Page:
This evening I attended a reception at the Computer History Museum in Mountain View, CA… it was a party for the alumni of the computer science program at the University of Washington.
The reception itself was good, though frankly I didn’t recognize a single student there. I did see a few professors I recognized, most importantly my senior project advisor Tony DeRose (now at Pixar). Gordon Bell and Dennis Ritchie were also there, which was pretty freakin’ cool.
I’m happy to see that my department is doing a bunch of research related to video games. They’re also in a new building! Which is great, because the old building… well, it wasn’t so great. In fact, it was coming apart. But I still have a soft spot in my heart for it, since I spent so much time there.
In any case, the Computer History Museum… is incredible! It was a great place to reminisce… and think “hmmm, I’m getting older!” Except the good news is, I was surrounded by even older people. At one point a young graduate and a much older one were talking to each other. The older one points to a TRS-80 Model I and says “That was the first computer I programmed on!” (It was for me, too…) The young grad walks over to the abacuses and says jokingly, “this was mine!” Sheesh. Kids nowadays. Hhahahhaahah. 🙂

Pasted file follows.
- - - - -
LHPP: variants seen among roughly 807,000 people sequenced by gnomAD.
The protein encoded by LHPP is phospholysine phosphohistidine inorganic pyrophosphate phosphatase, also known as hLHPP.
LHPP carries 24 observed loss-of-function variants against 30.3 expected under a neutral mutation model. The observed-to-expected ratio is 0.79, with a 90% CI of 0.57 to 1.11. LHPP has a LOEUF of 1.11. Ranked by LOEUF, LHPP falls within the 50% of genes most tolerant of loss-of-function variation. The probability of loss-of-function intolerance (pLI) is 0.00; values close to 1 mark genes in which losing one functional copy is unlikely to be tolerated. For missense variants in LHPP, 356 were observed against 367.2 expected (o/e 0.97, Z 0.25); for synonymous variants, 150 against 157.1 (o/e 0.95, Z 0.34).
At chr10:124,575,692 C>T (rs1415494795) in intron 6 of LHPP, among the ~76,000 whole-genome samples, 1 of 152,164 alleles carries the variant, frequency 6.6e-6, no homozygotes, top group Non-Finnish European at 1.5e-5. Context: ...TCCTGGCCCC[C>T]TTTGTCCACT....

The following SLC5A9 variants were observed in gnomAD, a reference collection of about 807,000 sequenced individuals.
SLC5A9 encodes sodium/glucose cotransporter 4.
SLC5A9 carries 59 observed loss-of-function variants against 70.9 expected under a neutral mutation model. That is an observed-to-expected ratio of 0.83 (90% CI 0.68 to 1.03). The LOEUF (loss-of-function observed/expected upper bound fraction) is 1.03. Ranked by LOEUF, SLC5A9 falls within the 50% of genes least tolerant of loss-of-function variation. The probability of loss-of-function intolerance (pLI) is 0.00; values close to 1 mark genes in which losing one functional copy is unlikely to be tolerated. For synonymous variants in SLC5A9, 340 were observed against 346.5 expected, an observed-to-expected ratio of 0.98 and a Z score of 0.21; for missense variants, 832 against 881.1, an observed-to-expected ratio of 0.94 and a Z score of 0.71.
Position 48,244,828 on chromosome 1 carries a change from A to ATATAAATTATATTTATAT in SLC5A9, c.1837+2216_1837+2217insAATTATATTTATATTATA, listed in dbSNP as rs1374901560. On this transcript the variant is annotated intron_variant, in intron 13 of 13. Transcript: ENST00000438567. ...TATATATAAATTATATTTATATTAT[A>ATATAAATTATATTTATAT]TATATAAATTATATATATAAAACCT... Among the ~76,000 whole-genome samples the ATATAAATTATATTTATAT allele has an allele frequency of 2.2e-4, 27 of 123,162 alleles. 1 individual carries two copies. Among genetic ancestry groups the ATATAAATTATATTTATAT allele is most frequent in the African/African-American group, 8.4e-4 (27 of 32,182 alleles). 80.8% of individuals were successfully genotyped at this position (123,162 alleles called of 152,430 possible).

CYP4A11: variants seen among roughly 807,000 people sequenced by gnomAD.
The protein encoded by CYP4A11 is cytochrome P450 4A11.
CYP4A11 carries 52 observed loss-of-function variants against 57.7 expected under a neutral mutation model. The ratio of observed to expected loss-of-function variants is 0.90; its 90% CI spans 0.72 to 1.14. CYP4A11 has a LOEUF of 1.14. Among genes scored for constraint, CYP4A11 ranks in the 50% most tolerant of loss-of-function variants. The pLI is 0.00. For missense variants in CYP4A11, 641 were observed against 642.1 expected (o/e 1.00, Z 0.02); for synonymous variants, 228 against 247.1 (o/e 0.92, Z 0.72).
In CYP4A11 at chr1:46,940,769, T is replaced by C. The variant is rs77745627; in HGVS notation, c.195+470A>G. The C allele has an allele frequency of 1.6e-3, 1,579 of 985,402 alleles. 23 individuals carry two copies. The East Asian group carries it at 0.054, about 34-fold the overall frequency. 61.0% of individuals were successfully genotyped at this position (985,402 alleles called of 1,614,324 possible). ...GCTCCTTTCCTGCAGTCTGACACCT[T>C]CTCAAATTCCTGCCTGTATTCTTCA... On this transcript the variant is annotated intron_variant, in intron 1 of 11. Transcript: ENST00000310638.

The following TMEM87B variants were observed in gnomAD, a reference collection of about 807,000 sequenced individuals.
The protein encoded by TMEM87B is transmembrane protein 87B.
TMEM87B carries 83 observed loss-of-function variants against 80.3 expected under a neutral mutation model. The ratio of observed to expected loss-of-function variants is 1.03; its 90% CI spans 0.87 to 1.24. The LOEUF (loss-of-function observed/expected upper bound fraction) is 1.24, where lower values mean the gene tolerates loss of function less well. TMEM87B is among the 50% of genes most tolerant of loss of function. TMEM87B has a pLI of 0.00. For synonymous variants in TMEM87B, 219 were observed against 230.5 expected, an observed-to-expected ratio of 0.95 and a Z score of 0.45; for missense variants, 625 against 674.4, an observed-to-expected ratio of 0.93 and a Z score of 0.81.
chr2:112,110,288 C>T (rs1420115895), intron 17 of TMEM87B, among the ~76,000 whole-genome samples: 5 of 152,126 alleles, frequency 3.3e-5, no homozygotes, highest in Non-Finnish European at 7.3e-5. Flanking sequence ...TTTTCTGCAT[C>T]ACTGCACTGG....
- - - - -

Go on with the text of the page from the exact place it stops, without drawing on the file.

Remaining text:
Anyway, the exhibits at the museum were incredible. The place really is just like a big warehouse full of junk, only the junk is all organized and labelled and has historical notes added, and some of it has been refurbished and is working. There are a lot of prototypes there, such as of the Apple Newton. But the most impressive things are the huuuuuge old mainframe computers (ENIAC), and the huge new mainframe computers (Cray Y-MP, etc). They also have the old Galaxy games from Stanford (the Computer Space game that ran on the PSP-11, not the production arcade units), and incredible galleries of memory and long-term storage media over the years. Really wonderful stuff.
My favorite exhibit was this huge disc platter, probably 3 feet in diameter. In the center of the platter was a tiny little hard drive – an IBM microdrive. Both discs were 1GB: the large one was 40,000 times larger than the small one. Aaaaaamazing.
The Computer History Museum has some good images on their website under “Visible Galleries”. But you should really check it out in person. Highly recommended!